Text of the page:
There are several strategies to help avoid or mitigate stress at work, such as taking a walk, eating lunch somewhere other than your desk, or getting enough sleep. However, there’s another strategy that many fail to consider—focusing on the positive things that happen to you.
“If someone were to tell you to focus only on the positive experiences in your day, you might be annoyed,” Joyce E. Bono and Theresa M. Glomb wrote in the Harvard Business Review. “People tend to associate Pollyanna-type positivity with inexperienced managers trying to squeeze a little more work out of frontline employees, or with the ‘keep smiling’ wall posters in the call center.”
Bono is the Walter J. Matherly Professor of Management at the Warrington College of Business of the University of Florida, and Glomb is the Toro Company–David M. Lilly Chair of Organizational Behavior in the Carlson School of Management at the University of Minnesota. They led a group of researchers who studied the association between daily events and stress and found that “naturally occurring positive work events and a positive reflection intervention are associated with reduced stress and improved health.”
The study asked participants to spend five to 10 minutes at the end of each day and write about events that had gone well that day and why those events had gone well. After three weeks, study participants’ stress levels and mental and physical complaints declined. Furthermore, when the participants focused on positive events, they had less stress job-related thoughts at home.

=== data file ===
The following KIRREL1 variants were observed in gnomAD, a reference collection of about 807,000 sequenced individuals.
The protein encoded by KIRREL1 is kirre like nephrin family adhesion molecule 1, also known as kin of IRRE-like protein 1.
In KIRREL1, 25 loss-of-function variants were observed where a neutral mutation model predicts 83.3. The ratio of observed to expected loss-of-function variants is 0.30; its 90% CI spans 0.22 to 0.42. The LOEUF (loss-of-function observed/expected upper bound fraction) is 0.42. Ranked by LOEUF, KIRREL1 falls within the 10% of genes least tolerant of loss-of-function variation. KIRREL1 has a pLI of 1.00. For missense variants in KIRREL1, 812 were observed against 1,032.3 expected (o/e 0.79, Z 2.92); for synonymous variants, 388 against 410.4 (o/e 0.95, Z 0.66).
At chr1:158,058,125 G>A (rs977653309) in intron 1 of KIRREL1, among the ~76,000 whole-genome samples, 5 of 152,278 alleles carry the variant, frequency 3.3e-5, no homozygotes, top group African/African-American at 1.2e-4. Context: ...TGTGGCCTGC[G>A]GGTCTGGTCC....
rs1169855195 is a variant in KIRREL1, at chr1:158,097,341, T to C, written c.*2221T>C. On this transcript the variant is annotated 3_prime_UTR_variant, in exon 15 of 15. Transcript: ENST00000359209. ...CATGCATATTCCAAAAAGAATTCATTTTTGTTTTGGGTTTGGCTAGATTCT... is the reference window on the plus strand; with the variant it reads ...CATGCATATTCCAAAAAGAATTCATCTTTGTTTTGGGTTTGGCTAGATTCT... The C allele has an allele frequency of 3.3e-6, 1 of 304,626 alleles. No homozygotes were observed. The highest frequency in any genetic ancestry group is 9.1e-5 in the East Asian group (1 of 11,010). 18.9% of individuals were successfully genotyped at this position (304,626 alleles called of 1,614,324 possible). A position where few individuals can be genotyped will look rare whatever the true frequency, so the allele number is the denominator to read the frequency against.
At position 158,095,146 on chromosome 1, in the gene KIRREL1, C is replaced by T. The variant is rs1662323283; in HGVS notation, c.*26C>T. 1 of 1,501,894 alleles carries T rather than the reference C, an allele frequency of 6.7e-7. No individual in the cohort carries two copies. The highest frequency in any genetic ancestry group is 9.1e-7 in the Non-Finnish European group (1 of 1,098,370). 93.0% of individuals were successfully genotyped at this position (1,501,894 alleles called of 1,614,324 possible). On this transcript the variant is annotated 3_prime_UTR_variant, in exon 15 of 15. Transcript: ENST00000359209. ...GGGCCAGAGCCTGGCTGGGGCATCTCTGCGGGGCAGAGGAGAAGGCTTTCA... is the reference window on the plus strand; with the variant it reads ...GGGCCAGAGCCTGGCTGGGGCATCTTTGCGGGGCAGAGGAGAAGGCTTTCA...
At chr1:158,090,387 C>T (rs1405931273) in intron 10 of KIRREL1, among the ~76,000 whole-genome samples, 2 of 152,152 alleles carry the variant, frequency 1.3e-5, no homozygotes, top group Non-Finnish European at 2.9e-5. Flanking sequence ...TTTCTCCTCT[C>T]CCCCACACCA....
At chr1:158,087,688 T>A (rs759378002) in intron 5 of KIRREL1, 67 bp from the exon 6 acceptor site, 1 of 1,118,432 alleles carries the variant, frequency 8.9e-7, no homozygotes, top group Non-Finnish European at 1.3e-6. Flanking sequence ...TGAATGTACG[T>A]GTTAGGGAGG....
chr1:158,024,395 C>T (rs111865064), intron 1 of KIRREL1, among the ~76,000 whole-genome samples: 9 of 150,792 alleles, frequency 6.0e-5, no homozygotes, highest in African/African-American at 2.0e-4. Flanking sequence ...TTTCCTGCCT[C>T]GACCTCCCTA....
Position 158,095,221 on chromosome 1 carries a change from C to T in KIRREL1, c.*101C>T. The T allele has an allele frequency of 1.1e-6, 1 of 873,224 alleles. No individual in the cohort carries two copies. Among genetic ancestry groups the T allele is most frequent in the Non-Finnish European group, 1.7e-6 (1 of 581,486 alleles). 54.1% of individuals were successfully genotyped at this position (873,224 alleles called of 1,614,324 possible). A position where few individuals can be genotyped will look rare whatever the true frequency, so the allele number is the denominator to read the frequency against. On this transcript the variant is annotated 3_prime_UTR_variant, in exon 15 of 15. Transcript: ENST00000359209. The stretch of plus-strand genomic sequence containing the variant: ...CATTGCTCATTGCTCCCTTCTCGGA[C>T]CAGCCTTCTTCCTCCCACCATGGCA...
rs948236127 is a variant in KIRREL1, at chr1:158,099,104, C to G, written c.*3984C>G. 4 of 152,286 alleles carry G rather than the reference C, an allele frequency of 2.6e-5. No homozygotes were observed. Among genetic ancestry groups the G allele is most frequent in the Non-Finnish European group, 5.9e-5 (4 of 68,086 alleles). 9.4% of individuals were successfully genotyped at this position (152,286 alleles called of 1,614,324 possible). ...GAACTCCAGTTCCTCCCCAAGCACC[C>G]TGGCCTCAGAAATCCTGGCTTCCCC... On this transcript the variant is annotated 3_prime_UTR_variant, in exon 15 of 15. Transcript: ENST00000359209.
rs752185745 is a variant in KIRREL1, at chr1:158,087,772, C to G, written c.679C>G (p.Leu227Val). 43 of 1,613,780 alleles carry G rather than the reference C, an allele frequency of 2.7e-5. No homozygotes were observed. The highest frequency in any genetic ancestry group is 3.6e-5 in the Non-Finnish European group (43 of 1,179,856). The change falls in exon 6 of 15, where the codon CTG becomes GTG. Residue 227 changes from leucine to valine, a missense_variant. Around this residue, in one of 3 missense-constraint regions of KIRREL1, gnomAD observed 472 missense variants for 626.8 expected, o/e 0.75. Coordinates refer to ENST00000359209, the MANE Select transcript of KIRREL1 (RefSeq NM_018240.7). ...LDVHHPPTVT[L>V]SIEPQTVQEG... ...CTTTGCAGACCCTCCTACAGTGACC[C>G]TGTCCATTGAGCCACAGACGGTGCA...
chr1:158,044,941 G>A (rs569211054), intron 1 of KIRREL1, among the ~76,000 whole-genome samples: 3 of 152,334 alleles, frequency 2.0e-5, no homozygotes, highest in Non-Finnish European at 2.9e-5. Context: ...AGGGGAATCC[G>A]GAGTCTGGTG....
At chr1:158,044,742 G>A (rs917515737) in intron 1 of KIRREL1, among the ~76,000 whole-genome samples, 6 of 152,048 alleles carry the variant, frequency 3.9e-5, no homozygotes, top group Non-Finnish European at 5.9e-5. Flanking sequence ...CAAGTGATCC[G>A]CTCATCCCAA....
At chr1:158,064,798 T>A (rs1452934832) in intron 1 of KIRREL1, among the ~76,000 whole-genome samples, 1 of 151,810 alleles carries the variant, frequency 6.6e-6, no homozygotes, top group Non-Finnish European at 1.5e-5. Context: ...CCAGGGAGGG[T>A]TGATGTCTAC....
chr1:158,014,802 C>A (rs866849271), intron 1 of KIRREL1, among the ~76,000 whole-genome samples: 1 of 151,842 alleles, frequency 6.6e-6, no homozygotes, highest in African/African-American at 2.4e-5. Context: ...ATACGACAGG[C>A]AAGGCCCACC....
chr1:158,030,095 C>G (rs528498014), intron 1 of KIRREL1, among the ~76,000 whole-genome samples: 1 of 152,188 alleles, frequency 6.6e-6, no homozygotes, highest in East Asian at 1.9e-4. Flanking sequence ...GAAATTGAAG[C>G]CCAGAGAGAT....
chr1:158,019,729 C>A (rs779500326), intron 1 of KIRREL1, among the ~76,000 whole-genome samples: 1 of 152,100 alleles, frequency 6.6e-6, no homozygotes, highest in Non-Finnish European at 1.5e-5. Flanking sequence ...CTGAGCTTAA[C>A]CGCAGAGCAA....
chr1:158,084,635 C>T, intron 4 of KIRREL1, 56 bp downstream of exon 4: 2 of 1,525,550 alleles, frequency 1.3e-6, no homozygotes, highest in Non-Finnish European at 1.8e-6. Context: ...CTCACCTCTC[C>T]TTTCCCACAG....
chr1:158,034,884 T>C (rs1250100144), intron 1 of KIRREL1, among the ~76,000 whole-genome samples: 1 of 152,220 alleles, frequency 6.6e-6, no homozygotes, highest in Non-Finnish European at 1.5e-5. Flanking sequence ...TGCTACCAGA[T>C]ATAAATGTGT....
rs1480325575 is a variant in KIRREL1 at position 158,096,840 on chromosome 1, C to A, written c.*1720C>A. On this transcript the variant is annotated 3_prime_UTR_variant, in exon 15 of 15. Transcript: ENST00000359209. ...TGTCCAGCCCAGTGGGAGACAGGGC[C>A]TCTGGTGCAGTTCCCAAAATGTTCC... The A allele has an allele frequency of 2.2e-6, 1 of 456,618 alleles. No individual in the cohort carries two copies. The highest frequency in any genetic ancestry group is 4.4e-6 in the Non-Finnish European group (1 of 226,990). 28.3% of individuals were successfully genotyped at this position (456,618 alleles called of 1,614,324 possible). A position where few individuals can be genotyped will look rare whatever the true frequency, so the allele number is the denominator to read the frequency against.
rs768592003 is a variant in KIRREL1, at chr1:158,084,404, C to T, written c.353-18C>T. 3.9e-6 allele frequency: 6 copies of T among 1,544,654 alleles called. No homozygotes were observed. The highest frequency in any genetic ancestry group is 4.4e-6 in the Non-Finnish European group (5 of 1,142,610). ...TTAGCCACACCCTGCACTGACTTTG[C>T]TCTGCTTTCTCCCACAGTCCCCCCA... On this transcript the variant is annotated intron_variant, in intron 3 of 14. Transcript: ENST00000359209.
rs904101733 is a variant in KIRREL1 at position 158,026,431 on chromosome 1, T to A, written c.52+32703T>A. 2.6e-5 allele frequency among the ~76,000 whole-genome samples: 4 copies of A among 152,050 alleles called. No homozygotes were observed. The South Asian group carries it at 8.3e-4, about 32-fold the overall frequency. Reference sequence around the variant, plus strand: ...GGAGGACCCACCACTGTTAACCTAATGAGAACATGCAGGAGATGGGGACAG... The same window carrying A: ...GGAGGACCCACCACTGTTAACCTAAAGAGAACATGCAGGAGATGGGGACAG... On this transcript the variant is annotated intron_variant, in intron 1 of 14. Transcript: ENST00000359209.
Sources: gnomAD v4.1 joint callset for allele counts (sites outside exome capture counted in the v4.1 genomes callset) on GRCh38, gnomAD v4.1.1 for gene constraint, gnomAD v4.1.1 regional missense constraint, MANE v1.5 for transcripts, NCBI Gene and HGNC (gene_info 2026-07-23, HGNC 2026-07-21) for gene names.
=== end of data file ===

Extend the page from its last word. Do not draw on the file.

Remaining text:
“This simple practice — writing about three good things that happened — creates a real shift in what people think about, and can change how they perceive their work lives,” Bono and Glomb wrote. “It can also create a feedback loop that enhances its impact: we believe that people who reflect on good things that happened during the day are more likely to share those things with family and friends. Sharing positive events with others creates connections between people and bonds them with one another, further reducing evening stress. Ultimately, this also improves sleep, which our ongoing research suggests leads to greater alertness and better mood — which in turn leads to more positive things happening the next day.”
(Image: mediamolecule / Creative Commons)